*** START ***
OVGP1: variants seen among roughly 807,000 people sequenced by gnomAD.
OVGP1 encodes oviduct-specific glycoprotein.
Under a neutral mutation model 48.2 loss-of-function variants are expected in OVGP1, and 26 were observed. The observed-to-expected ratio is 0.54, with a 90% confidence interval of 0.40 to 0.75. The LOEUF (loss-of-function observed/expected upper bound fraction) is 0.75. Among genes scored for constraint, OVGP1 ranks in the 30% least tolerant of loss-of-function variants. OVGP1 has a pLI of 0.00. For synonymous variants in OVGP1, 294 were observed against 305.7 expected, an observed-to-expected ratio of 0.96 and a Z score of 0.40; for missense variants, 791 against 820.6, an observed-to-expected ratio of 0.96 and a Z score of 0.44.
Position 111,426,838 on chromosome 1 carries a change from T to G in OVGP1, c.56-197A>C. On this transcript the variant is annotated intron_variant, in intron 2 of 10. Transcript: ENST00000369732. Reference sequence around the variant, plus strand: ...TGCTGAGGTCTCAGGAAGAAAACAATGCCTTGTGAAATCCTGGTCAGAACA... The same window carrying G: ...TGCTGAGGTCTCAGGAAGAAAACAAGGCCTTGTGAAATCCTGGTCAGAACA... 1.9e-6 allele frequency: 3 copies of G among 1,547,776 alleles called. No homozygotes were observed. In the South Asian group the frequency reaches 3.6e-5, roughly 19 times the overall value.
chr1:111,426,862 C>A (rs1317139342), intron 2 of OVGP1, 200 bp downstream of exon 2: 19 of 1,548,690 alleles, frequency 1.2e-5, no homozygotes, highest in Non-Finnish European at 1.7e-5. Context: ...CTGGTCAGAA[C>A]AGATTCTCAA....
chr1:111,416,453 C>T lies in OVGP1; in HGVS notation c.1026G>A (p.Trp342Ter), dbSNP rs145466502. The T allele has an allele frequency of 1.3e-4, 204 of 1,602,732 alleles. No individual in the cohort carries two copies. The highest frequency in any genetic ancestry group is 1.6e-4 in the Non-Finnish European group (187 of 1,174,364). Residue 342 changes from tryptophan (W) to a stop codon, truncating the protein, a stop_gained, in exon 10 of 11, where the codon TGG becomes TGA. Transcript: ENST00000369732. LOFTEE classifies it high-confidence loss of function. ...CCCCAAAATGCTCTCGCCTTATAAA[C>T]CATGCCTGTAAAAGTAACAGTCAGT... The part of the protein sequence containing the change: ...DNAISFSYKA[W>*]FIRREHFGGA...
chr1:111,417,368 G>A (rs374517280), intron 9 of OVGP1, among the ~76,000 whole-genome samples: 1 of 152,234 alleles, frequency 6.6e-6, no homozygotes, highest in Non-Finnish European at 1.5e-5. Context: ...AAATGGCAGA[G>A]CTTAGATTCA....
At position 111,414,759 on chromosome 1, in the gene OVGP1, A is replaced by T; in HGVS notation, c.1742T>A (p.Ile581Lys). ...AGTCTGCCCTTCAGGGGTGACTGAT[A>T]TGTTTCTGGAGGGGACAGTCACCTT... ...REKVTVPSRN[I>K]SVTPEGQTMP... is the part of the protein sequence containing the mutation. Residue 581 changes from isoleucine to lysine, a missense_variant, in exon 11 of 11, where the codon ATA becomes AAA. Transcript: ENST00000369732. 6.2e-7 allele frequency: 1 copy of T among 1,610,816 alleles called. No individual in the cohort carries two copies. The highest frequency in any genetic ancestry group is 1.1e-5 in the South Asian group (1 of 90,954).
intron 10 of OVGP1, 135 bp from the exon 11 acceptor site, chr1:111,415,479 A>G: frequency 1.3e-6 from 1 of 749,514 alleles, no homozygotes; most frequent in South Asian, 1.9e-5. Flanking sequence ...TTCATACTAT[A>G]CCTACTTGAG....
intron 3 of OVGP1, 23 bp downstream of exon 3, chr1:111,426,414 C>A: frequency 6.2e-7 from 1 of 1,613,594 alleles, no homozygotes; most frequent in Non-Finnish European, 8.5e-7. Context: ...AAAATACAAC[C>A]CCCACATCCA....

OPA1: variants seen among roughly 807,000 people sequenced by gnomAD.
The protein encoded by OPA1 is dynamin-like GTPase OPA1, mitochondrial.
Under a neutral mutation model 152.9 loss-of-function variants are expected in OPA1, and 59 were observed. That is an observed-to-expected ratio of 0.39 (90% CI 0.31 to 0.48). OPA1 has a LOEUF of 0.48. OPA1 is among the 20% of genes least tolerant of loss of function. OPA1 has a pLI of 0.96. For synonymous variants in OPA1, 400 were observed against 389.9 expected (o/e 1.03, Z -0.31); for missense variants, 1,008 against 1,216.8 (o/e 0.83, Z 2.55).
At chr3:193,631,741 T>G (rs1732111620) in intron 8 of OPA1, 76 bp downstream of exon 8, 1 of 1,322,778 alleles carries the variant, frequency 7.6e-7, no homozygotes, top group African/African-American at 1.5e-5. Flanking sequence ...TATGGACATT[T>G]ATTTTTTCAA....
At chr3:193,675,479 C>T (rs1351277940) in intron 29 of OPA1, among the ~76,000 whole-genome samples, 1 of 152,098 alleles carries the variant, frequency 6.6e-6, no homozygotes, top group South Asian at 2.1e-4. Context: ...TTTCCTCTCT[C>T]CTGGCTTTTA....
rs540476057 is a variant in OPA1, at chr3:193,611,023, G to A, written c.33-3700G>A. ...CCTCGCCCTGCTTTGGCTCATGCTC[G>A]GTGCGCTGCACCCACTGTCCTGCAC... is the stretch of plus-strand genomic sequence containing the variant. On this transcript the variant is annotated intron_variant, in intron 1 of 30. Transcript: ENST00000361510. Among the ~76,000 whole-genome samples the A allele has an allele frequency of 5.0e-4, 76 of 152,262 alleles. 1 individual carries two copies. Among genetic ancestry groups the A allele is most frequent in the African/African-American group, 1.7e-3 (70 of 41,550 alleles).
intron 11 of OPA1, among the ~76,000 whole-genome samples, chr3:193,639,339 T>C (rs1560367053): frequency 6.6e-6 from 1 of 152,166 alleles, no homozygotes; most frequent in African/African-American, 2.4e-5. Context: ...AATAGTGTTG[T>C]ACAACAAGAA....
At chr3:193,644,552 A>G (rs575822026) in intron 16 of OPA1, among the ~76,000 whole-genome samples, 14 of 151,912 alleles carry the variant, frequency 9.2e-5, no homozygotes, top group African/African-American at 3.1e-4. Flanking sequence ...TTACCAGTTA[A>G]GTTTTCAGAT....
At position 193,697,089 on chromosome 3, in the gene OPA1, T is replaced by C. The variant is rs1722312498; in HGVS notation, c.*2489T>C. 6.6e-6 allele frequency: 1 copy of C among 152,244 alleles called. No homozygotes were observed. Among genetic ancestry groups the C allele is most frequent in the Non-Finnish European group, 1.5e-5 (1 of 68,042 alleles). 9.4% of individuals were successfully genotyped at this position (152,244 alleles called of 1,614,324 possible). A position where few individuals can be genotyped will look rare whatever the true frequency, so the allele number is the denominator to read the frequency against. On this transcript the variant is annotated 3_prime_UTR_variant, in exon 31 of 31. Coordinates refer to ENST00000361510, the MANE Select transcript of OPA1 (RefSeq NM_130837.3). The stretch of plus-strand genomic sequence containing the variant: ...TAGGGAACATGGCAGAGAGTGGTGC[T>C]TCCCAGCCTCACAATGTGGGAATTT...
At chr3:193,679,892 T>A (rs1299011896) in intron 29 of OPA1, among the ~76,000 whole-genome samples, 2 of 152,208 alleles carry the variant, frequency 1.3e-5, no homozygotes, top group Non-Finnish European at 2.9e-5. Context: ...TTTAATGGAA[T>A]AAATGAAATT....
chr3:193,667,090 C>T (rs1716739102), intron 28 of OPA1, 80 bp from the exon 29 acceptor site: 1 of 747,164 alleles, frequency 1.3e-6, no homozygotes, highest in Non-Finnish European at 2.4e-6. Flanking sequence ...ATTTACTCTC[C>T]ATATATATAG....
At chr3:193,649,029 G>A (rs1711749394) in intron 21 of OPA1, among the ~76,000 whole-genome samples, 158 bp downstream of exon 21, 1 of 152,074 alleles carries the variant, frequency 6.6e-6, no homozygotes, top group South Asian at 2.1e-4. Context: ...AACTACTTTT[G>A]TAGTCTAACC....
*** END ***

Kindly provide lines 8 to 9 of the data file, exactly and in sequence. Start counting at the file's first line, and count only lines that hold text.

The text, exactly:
At position 111,414,759 on chromosome 1, in the gene OVGP1, A is replaced by T; in HGVS notation, c.1742T>A (p.Ile581Lys). ...AGTCTGCCCTTCAGGGGTGACTGAT[A>T]TGTTTCTGGAGGGGACAGTCACCTT... ...REKVTVPSRN[I>K]SVTPEGQTMP... is the part of the protein sequence containing the mutation. Residue 581 changes from isoleucine to lysine, a missense_variant, in exon 11 of 11, where the codon ATA becomes AAA. Transcript: ENST00000369732. 6.2e-7 allele frequency: 1 copy of T among 1,610,816 alleles called. No individual in the cohort carries two copies. The highest frequency in any genetic ancestry group is 1.1e-5 in the South Asian group (1 of 90,954).
intron 10 of OVGP1, 135 bp from the exon 11 acceptor site, chr1:111,415,479 A>G: frequency 1.3e-6 from 1 of 749,514 alleles, no homozygotes; most frequent in South Asian, 1.9e-5. Flanking sequence ...TTCATACTAT[A>G]CCTACTTGAG....